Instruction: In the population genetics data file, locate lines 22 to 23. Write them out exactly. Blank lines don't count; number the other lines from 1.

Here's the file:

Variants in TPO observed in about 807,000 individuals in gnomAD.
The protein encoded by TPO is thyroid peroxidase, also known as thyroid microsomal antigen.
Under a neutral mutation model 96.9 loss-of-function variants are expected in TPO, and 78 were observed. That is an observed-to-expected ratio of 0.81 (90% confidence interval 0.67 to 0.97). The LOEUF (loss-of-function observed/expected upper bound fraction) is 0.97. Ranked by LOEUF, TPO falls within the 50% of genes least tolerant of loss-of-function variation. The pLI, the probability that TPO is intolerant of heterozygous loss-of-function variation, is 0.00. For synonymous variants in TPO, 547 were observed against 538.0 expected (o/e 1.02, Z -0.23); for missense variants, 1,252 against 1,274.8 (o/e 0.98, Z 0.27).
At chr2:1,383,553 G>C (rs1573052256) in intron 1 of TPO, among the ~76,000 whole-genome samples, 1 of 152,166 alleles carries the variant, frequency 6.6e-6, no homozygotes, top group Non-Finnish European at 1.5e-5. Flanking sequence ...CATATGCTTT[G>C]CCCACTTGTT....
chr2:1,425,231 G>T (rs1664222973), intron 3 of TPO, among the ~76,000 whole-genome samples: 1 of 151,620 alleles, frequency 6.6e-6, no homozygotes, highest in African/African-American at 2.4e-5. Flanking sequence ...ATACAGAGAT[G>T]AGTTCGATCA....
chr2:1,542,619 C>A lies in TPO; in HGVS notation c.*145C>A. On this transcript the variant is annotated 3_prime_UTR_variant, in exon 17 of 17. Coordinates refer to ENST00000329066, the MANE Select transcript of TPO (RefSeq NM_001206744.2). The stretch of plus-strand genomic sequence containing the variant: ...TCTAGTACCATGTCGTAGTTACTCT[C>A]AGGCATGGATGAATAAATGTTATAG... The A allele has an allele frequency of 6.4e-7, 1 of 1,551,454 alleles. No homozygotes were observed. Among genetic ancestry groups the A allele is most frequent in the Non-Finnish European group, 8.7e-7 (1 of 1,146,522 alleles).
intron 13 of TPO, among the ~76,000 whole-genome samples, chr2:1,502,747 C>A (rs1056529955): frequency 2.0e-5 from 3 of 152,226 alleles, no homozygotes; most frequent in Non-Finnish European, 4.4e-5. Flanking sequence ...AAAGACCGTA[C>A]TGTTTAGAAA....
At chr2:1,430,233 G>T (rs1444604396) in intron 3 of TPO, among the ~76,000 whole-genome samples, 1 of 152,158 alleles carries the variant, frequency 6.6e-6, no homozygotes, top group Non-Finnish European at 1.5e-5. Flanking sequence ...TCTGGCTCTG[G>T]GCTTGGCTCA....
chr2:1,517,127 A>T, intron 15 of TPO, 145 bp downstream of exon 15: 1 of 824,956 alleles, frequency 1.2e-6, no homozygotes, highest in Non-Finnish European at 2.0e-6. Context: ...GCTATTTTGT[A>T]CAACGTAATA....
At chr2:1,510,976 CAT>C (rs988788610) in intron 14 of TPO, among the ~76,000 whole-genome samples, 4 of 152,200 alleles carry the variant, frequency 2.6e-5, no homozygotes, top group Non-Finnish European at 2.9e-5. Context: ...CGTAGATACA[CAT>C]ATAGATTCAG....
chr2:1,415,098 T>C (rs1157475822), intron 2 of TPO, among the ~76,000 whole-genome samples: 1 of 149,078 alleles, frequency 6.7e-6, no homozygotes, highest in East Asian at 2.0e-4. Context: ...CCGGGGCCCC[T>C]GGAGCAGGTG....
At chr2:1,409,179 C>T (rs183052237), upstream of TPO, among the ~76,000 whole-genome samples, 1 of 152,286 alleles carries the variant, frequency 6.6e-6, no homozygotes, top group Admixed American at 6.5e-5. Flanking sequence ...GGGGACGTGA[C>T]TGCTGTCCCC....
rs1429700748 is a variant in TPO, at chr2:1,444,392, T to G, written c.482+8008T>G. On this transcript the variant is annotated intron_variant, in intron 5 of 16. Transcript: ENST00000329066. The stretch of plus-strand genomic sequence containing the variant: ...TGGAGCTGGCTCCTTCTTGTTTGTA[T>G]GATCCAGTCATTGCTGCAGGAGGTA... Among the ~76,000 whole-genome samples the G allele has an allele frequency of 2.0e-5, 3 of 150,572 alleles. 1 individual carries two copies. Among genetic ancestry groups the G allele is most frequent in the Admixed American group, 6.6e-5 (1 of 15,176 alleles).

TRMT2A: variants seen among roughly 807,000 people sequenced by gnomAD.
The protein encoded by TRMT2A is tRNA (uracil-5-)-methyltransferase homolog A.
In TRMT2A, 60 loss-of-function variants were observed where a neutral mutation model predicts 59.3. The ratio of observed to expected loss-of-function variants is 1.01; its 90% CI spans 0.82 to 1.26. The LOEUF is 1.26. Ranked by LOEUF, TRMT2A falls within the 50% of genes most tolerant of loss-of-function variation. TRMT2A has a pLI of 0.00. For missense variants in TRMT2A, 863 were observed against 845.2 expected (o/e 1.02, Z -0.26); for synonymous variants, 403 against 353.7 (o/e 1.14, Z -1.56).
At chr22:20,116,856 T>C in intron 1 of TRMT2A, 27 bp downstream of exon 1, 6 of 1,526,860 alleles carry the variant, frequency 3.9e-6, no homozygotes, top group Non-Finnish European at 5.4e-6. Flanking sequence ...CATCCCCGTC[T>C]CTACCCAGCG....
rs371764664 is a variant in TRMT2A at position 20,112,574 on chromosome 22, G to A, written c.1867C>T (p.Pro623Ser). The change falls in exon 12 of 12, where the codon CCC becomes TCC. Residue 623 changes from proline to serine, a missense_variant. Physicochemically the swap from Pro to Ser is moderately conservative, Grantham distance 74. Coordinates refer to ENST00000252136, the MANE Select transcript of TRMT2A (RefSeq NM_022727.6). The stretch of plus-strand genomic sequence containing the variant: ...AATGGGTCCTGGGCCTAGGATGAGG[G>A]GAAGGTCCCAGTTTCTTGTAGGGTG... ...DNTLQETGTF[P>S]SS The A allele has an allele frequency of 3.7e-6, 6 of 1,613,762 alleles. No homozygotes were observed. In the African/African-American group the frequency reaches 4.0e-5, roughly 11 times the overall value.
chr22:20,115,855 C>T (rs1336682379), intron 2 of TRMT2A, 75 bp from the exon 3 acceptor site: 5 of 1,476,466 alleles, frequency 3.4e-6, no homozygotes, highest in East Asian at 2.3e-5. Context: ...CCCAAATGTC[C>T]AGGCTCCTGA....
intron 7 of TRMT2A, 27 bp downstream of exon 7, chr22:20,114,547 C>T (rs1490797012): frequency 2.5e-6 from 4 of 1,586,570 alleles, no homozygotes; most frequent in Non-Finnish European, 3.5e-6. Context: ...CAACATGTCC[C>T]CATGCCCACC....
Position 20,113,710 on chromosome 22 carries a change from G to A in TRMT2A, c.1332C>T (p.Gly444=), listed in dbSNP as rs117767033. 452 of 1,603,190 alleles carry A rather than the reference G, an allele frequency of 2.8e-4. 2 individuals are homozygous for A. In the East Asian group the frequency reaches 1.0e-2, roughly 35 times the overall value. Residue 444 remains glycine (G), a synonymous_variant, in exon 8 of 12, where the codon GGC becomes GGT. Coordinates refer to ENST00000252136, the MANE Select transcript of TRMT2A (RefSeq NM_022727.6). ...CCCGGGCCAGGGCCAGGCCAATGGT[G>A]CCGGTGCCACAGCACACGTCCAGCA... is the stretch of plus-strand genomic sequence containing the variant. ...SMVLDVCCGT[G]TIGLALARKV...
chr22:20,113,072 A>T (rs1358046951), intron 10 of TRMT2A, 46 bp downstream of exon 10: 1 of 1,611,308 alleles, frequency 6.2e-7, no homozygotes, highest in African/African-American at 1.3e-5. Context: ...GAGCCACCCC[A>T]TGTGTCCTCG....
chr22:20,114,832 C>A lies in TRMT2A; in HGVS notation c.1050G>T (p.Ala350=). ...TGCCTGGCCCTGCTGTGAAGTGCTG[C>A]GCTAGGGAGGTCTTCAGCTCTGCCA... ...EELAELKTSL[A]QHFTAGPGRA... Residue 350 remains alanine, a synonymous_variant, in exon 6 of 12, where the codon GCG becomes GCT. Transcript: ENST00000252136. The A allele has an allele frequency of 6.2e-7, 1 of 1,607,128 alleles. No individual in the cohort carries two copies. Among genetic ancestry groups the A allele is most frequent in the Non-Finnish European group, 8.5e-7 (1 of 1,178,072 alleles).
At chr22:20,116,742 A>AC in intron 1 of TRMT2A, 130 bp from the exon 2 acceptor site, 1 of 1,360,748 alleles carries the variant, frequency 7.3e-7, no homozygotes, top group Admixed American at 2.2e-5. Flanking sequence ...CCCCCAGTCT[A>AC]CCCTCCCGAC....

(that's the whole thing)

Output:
chr22:20,113,072 A>T (rs1358046951), intron 10 of TRMT2A, 46 bp downstream of exon 10: 1 of 1,611,308 alleles, frequency 6.2e-7, no homozygotes, highest in African/African-American at 1.3e-5. Context: ...GAGCCACCCC[A>T]TGTGTCCTCG....
chr22:20,114,832 C>A lies in TRMT2A; in HGVS notation c.1050G>T (p.Ala350=). ...TGCCTGGCCCTGCTGTGAAGTGCTG[C>A]GCTAGGGAGGTCTTCAGCTCTGCCA... ...EELAELKTSL[A]QHFTAGPGRA... Residue 350 remains alanine, a synonymous_variant, in exon 6 of 12, where the codon GCG becomes GCT. Transcript: ENST00000252136. The A allele has an allele frequency of 6.2e-7, 1 of 1,607,128 alleles. No individual in the cohort carries two copies. Among genetic ancestry groups the A allele is most frequent in the Non-Finnish European group, 8.5e-7 (1 of 1,178,072 alleles).